San José, Costa Rica, since 1956

Central America leaders fail again to reach agreement on Cuban migrant crisis

Central American negotiators on Tuesday failed at yet another attempt to find a solution to help Cuban migrants stranded in Costa Rica near its borders with Nicaragua and Panama.

Central American officials met in Mexico City with counterparts from Ecuador, Colombia, Mexico and the United States to seek an agreement for the transit of some 7,000 Cuban migrants who are waiting for temporary visas to leave Costa Rica and Panama on their way to the U.S.

Costa Rica’s Foreign Ministry in a public statement said Guatemala’s refusal to allow passage of the migrants through its territory left the negotiations at a stalemate, and the only agreement reached was that representatives will meet again on Dec. 28 in Mexico or Guatemala.

Costa Rica Foreign Minister Manuel González said the meeting allowed officials to take “a step in the right direction, as [talks] included the participation of major actors beyond SICA [the Central American Integration System], just as Costa Rica had proposed.”

González said Mexico confirmed its authorization for migrants to pass through its territory once they reach the border with Guatemala.

Guatemala, however, reiterated its position of not allowing their transit, just as the country’s leaders did on Friday at the SICA meeting, the minister noted.

Nicaraguan representatives also maintained their position that the Cubans cannot pass through their territory and must be transferred to the U.S. by air. Nicaragua emphasized its request for the U.S. to revoke its “wet foot, dry foot policy,” Nicaragua’s first lady and government spokeswoman Rosario Murillo said.

SICA representatives addressed the Cuban problem last Friday at a meeting in San Salvador, but rejected Costa Rica’s plan to allow the Cubans to continue their journey, due to opposition by Guatemala, El Salvador and Belize, the only countries that would make it possible for them to reach Mexico.

The rejection of Costa Rica’s plan provoked the country’s withdrawal from all political forums of SICA.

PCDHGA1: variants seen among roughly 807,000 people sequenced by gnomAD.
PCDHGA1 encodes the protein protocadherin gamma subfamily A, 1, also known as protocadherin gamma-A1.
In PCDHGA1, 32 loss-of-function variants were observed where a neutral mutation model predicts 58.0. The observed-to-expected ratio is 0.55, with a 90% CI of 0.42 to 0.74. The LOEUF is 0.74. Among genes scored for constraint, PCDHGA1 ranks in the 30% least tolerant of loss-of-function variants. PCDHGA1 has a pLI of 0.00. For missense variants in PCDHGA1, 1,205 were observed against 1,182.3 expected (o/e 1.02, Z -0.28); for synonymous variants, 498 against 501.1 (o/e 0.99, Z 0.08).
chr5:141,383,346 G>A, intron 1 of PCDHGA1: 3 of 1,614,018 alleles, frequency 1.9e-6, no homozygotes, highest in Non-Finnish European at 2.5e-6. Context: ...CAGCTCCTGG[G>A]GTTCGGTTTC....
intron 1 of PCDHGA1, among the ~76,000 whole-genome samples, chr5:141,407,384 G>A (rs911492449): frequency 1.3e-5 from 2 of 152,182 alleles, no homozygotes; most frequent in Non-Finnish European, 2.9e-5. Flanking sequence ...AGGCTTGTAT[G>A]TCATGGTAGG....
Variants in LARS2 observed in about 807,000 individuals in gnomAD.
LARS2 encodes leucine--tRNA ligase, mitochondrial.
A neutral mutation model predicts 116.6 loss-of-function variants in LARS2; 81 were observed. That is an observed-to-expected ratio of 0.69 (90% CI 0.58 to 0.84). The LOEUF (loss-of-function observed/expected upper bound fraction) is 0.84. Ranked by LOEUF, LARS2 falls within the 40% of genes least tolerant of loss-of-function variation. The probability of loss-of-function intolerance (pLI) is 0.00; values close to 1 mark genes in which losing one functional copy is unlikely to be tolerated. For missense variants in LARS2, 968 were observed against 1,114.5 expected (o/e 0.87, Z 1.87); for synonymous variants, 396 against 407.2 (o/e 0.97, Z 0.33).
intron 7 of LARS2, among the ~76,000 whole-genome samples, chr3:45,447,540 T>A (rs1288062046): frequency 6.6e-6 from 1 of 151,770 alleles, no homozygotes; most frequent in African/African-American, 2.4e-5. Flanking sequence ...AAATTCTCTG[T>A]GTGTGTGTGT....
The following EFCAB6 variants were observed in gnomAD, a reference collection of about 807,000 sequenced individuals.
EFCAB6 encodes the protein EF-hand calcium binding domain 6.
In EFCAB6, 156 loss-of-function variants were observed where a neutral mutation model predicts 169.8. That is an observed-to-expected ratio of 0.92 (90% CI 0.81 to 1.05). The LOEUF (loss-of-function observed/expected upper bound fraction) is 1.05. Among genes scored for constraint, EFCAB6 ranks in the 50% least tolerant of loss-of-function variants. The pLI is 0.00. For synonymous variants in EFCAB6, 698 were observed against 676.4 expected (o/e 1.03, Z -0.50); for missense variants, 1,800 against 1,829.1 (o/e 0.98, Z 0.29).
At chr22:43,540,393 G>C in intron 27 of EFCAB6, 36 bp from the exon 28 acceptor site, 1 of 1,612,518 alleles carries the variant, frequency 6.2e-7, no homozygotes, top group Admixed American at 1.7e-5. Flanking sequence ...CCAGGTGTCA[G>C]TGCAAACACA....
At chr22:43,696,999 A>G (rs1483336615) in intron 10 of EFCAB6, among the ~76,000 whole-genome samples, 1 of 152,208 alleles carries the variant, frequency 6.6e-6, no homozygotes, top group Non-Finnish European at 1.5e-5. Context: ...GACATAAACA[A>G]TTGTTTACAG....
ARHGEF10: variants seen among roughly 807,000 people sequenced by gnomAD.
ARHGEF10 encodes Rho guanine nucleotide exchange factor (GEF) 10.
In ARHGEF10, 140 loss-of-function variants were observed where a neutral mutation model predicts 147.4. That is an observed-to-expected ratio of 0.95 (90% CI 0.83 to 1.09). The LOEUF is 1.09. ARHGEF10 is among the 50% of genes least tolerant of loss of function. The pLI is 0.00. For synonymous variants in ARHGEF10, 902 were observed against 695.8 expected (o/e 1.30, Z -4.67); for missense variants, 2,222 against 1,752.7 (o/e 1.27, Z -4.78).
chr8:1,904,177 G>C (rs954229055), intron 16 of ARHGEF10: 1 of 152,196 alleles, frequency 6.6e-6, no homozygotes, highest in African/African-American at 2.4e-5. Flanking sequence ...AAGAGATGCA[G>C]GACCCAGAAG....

Minister González, however, said he still hopes for a change of mind from Guatemala at next week’s meeting.

Cuban migrants have been stranded in Costa Rica after Nicaragua closed its border in mid-November. Costa Rican officials since then have been promoting an alternative plan for them to travel to Honduras and then continue their route to the U.S., where they hope to take advantage of the 1995 revision of the Cuban Adjustment Act of 1966.

Read more stories on the Cuban migrants here

Contact L. Arias at

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Ken Morris

I’m not following. If Mexico has agreed to allow the Cubans to pass through, then an obvious solution is to get them by boat or plane to Mexico, and since they ain’t passing through Nicaragua, boats or planes are a given. Or is Mexico saying that it won’t allow the Cubans to arrive by boat or plane but only by land? This thing is getting more convoluted everyday.

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Yes, I believe Mexico has said that — they can arrive only by land.
Unfortunately, not every story in every publication has included all the details of why this is such a difficult problem to solve, but in one story somewhere I did read that this is Mexico’s stand.
I suppose that Mexico might fear setting some sort of precedent in knowingly allowing migrants claiming to be on their way to the US to arrive by air and then proceed to the US border. Or maybe Mexico has other reasons.
And Guatemala has said in the past that it will only allow them into Guatemala if Mexico promises in writing to allow them to pass into Mexico, as Guatemala does not want to end up with thousands stranded in their country, as they are in Costa Rica.

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Tom Flynn

There is a farm or other piece of property named “Finca Bound Brook” or “Quinta Bound Brook,” in the area known as San Isidro de Grecia, Arriba de Grecia. There is a wrought Iron fence or gate at the entrance marked Quinta Bound Brook. Maybe this place is owned by a Tico who has lived in Bond Brook NJ.

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